Consumerism is one of the things that is hurting the world.  Buying trendy things and throwing them away.  Buying stuff that you don’t need because others have it.  Not paying attention to what you buy.  Consumerism is something that many people partake in, but that means it is also something we can change.  We may not personally be cutting down forests, so we can’t suddenly change that, but we don't have to support it.  Even if you are the only person who doesn’t.  By not supporting it, you don’t have to feel guilty, because you were not a part of it.  You did not add to the pain.  We all make a difference to this world, one way or another.  Make sure that you are proud of your difference.  Live a life without guilt.

Nicci's Reflection:
I've been aware for a little while of the impacts of consumerism on the world, and on our fellow humans.  I read No Logo a while back, but I find Andy Fisher's approach to be very sensitive.  Andy Fisher looks at the shame we are made to feel because of a need to sell products.  He looked at how we are made to feel 'outdated' or sometimes, as though we are 'trying to hard'.  I've been wondering what this does to our sense of dignity or humanity?

Making the connections between products and environmental impact can be painful at first.  There's also such a lot of guilt.  But I think the guilt or shame which is often aimed at consumerism can be difficult for people to bear.  Our deep connectedness to beauty, nature and other beings seems to me to be the place to start.  When we see the impacts of dyes on water, animals, ourselves and 'other' people, I think it takes us to a place where there's a greater awareness or consciousness of what happens to the world, the need for ethical choices and even a sense that we won't join in when it comes to mocking or shaming others for not being 'on trend'.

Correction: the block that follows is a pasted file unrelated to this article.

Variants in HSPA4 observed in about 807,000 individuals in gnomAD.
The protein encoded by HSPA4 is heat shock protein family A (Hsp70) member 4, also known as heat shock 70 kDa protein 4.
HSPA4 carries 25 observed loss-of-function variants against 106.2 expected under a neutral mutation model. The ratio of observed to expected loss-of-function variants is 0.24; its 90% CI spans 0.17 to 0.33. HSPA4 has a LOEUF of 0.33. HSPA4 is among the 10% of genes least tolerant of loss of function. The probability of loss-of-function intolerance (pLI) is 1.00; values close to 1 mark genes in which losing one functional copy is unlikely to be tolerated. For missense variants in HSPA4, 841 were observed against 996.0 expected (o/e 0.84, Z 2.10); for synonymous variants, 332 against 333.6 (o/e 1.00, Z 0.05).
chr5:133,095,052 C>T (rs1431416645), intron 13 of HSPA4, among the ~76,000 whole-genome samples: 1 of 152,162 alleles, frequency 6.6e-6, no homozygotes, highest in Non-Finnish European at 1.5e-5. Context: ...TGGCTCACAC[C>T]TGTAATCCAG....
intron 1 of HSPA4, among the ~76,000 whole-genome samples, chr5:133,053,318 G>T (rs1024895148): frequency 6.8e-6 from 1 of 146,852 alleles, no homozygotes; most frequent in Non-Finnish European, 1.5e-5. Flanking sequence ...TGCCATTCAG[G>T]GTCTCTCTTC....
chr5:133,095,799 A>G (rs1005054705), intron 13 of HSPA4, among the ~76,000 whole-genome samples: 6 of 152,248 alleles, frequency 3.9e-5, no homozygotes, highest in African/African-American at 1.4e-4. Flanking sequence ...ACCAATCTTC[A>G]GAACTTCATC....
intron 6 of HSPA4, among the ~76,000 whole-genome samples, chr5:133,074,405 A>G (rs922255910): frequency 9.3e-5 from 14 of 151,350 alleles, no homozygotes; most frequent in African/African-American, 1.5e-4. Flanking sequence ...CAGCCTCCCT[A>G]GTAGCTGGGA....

Awareness means we can change the way we look at the world, and we can see the importance of Fair Trade, for example.  But I think it also helps to know that we can buy from local producers, buy organic, or remember what feels sacred to us.  I've found that as I re-connect to the beauty which is all around me, I feel as though I'm more aware of what is sacred to me, and I feel more content.  I don't feel so restless or out of sync with myself.  And I don't buy into advertising or the promise of happiness they bring.  I've also found that by learning to share and express what I feel, I'm far more able to sit with the feelings instead of searching for ways to make them go away.  It's okay to feel sad, distressed or puzzled at times.  Some situations make us uneasy.  I don't need a product to make it better.  Empathy and care help far more.

I'm starting to believe that a deeper awareness of our own needs - for solitude, for connection, for wonder, beauty or change, can help us to avoid the pitfalls of looking for answers in the shops.  We all get lonely, bored or restless.  I think the true work is to realize that this is okay, and that our feelings or questions can lead us into new spaces.  They don't need to be resolved right away, and giving time to them can be helpful.

Empathy for the world is important, but I like to think that by being kind to ourselves too, we can find a way back to what's sacred to us.

Thank you Nicci Attfield for these images and reflection from the group in Cape Town.

No comments:

Post a Comment